|scientific name Arhopalus asperatus |
Coniferous belt of western North America to southern Mexico and Central America (Linsley 1962).
Adult flight period is from July to October (Linsley 1962).
Robust, color black to brownish, dull. Head closely and distinctly, but not coarsely, punctuated. Clypeus is large and conspicuous, gula with a beard of dense pale hairs. Femora not clavate, abdoment with sternites very finely, closely punctured and densely clothed in a fine pubescence. Antennae reaching apical 1/3 of elytra with outer segments abruptly abbreviated, last 4 segments at most as long as 2 preceding segments together; pronotum very distinctly wider than long; angulated at sides; posterior tarsi with third segment cleft to middle. Apex distinctly emarginated. Females are slightly more robust than males, antennae reaching basal ¼ of elytra; fifth abdominal sternite as long as broad, apex rounded, length 17-31mm, males, 17-29mm (Linsley 1962). Overall, A. asperatus is most defined by the sharply abbreviated last 4 antennal segments, distinct asperites on the pronotum, and angular shape of the pits on the pronotum (Linsley 1962).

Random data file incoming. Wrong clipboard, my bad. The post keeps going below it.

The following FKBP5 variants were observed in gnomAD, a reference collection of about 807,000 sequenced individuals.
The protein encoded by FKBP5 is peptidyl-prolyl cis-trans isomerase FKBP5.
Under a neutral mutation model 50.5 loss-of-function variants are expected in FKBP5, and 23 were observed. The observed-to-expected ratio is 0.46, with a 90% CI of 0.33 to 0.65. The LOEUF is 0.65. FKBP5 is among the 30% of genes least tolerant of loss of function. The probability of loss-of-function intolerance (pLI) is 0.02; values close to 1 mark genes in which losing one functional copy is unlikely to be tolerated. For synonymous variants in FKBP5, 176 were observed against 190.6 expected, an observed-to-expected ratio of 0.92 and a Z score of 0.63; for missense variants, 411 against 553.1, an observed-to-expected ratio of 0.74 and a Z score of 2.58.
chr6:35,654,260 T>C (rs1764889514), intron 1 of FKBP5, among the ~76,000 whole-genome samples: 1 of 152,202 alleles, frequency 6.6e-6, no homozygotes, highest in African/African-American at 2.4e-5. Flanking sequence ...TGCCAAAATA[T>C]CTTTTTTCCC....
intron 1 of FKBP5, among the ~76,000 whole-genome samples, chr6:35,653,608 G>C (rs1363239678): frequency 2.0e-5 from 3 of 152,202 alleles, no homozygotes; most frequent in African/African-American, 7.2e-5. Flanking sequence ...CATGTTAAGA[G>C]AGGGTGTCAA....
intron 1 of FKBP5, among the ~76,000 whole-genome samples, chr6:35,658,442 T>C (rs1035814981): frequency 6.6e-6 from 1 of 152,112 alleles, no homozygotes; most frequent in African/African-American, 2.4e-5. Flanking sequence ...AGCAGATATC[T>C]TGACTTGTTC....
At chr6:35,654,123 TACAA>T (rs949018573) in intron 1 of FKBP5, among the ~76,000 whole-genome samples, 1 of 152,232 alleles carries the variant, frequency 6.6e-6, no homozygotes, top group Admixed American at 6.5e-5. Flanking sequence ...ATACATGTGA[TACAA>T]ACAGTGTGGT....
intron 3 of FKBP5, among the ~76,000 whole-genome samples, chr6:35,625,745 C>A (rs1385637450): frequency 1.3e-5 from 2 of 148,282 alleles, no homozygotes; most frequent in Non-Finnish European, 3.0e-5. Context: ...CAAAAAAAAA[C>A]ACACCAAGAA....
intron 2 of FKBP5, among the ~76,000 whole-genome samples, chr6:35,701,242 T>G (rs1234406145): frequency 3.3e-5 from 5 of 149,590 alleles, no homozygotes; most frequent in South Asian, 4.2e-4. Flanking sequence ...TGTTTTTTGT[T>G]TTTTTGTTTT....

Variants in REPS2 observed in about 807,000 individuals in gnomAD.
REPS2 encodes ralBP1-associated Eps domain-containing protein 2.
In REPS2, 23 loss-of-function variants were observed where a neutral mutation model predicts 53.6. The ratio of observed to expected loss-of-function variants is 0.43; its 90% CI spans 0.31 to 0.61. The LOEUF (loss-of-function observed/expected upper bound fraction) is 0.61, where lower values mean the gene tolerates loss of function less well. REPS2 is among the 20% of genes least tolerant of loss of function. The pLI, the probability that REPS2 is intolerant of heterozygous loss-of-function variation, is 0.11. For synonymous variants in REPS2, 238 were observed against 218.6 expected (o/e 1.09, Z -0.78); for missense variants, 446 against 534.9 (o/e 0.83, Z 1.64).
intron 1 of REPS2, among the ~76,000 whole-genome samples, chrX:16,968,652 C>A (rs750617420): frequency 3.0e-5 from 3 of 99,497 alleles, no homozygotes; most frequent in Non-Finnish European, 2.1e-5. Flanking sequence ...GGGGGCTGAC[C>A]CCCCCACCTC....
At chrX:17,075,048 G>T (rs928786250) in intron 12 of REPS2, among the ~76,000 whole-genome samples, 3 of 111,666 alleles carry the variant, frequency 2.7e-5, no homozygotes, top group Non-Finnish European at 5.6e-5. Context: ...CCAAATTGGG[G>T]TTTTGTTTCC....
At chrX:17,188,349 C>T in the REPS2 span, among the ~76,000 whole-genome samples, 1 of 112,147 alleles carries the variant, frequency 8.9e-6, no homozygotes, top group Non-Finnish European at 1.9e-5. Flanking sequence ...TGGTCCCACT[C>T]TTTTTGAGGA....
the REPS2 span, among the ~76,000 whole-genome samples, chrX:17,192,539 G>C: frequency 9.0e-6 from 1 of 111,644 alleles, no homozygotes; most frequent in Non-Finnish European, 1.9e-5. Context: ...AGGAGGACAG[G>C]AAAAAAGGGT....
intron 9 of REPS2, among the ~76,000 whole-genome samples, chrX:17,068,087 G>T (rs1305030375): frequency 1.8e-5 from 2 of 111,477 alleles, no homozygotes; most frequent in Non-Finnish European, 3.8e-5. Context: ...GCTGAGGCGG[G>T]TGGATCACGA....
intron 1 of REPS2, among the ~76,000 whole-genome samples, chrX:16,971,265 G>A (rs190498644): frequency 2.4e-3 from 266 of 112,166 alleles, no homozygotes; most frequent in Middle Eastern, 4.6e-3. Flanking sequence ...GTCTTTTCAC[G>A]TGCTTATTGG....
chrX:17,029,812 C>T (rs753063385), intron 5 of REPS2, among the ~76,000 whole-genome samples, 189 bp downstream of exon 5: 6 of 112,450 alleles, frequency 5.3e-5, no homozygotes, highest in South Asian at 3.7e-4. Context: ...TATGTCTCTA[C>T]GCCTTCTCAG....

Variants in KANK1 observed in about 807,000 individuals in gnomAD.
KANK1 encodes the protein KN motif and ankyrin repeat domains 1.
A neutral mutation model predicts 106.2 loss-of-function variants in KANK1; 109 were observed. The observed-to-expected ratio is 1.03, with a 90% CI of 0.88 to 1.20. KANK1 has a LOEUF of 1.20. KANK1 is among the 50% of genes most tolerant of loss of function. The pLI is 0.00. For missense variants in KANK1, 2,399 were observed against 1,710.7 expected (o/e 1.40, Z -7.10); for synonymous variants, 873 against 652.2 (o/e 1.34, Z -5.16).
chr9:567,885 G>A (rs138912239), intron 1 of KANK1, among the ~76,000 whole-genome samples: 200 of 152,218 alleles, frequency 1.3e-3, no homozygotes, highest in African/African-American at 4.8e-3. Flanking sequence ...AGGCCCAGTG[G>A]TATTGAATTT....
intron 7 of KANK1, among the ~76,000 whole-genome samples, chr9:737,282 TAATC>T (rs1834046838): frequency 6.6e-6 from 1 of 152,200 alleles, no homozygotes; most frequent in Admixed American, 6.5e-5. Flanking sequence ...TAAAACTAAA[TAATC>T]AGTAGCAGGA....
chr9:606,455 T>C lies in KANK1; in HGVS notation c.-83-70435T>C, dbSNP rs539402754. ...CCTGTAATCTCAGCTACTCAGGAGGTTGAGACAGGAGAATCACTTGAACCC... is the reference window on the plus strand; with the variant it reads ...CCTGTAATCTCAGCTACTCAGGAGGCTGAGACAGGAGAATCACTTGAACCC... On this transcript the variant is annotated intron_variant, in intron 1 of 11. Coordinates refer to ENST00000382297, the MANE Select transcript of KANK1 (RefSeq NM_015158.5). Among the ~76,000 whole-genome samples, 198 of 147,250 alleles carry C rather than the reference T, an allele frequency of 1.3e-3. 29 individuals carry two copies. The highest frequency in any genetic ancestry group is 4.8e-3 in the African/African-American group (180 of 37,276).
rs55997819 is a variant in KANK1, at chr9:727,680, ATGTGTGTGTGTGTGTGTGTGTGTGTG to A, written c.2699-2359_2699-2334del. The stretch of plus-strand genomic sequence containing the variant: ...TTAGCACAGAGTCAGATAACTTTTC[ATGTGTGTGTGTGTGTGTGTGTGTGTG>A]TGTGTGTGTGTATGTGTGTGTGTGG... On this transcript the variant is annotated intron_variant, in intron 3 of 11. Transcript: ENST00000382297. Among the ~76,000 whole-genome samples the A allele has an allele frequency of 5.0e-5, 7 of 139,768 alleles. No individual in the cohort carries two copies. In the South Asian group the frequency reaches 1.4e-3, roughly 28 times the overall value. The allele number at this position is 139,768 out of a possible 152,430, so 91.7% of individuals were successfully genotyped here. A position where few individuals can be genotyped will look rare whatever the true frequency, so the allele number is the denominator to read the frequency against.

Very little is known about this species. Adudlts have been observed attacking severely scored gray pine within hours following fire (Wickman 1964).
No information available.
Host species are Abies magnifica, A. concolor, Pseudotsuga taxifolia, Picea sp (Linsley 1962).
This species is recorded from Ontario and Labrador in Canada (Bousquet 1991), and western New York, Indiana, Arizona and Alabama in the United States.
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